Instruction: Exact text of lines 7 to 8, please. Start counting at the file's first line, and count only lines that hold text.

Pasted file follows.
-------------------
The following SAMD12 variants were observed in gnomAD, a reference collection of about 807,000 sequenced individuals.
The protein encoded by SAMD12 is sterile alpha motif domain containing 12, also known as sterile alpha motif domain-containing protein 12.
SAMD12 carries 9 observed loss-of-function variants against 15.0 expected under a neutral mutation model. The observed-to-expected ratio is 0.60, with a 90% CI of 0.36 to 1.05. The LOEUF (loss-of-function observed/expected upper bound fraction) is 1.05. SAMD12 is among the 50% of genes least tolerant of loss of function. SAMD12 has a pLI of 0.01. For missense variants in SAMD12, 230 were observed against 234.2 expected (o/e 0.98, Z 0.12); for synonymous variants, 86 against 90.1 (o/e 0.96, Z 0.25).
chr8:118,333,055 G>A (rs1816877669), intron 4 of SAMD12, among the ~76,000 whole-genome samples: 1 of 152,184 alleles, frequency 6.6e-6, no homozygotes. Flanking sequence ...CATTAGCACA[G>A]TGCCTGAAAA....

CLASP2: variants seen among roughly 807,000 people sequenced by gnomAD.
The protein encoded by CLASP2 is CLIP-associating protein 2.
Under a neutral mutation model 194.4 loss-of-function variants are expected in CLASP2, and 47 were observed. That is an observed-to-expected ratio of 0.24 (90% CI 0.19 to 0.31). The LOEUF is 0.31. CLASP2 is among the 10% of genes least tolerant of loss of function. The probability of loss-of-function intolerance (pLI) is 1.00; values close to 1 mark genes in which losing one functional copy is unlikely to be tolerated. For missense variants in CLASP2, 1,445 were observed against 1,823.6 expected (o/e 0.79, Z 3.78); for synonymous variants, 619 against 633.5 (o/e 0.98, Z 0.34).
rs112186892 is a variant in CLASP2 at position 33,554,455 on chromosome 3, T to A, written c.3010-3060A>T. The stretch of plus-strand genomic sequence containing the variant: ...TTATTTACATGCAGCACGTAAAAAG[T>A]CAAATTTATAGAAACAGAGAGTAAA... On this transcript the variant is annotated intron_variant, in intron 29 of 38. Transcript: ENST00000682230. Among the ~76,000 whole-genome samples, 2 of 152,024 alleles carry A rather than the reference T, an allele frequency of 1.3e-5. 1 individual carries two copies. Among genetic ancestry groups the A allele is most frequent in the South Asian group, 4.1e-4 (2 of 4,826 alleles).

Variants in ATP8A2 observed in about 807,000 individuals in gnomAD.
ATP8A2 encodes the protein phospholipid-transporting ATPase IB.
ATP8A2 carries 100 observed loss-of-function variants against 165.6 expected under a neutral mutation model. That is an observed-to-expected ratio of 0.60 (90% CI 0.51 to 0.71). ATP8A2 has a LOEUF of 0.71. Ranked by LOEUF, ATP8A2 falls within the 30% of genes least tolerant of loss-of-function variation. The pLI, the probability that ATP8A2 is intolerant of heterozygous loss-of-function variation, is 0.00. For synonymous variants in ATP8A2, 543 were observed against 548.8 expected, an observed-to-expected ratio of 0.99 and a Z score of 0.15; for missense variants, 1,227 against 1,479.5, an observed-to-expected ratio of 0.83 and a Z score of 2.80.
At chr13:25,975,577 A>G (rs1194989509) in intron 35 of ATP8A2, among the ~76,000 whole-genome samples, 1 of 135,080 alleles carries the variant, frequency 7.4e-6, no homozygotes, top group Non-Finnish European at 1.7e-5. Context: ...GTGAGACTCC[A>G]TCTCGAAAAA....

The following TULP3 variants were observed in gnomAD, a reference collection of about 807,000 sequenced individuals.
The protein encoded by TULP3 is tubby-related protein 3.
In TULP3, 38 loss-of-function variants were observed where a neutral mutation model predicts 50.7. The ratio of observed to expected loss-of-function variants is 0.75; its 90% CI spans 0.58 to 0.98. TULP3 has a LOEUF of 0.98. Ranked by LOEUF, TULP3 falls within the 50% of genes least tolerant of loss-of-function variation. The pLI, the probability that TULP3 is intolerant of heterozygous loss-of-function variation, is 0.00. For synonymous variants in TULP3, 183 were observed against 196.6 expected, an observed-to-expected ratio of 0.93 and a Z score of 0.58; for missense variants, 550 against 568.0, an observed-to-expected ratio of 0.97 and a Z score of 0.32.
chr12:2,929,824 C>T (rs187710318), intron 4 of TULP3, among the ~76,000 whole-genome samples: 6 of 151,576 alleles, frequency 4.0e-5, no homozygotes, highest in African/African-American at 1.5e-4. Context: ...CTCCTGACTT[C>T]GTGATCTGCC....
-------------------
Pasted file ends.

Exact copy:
Under a neutral mutation model 194.4 loss-of-function variants are expected in CLASP2, and 47 were observed. That is an observed-to-expected ratio of 0.24 (90% CI 0.19 to 0.31). The LOEUF is 0.31. CLASP2 is among the 10% of genes least tolerant of loss of function. The probability of loss-of-function intolerance (pLI) is 1.00; values close to 1 mark genes in which losing one functional copy is unlikely to be tolerated. For missense variants in CLASP2, 1,445 were observed against 1,823.6 expected (o/e 0.79, Z 3.78); for synonymous variants, 619 against 633.5 (o/e 0.98, Z 0.34).
rs112186892 is a variant in CLASP2 at position 33,554,455 on chromosome 3, T to A, written c.3010-3060A>T. The stretch of plus-strand genomic sequence containing the variant: ...TTATTTACATGCAGCACGTAAAAAG[T>A]CAAATTTATAGAAACAGAGAGTAAA... On this transcript the variant is annotated intron_variant, in intron 29 of 38. Transcript: ENST00000682230. Among the ~76,000 whole-genome samples, 2 of 152,024 alleles carry A rather than the reference T, an allele frequency of 1.3e-5. 1 individual carries two copies. Among genetic ancestry groups the A allele is most frequent in the South Asian group, 4.1e-4 (2 of 4,826 alleles).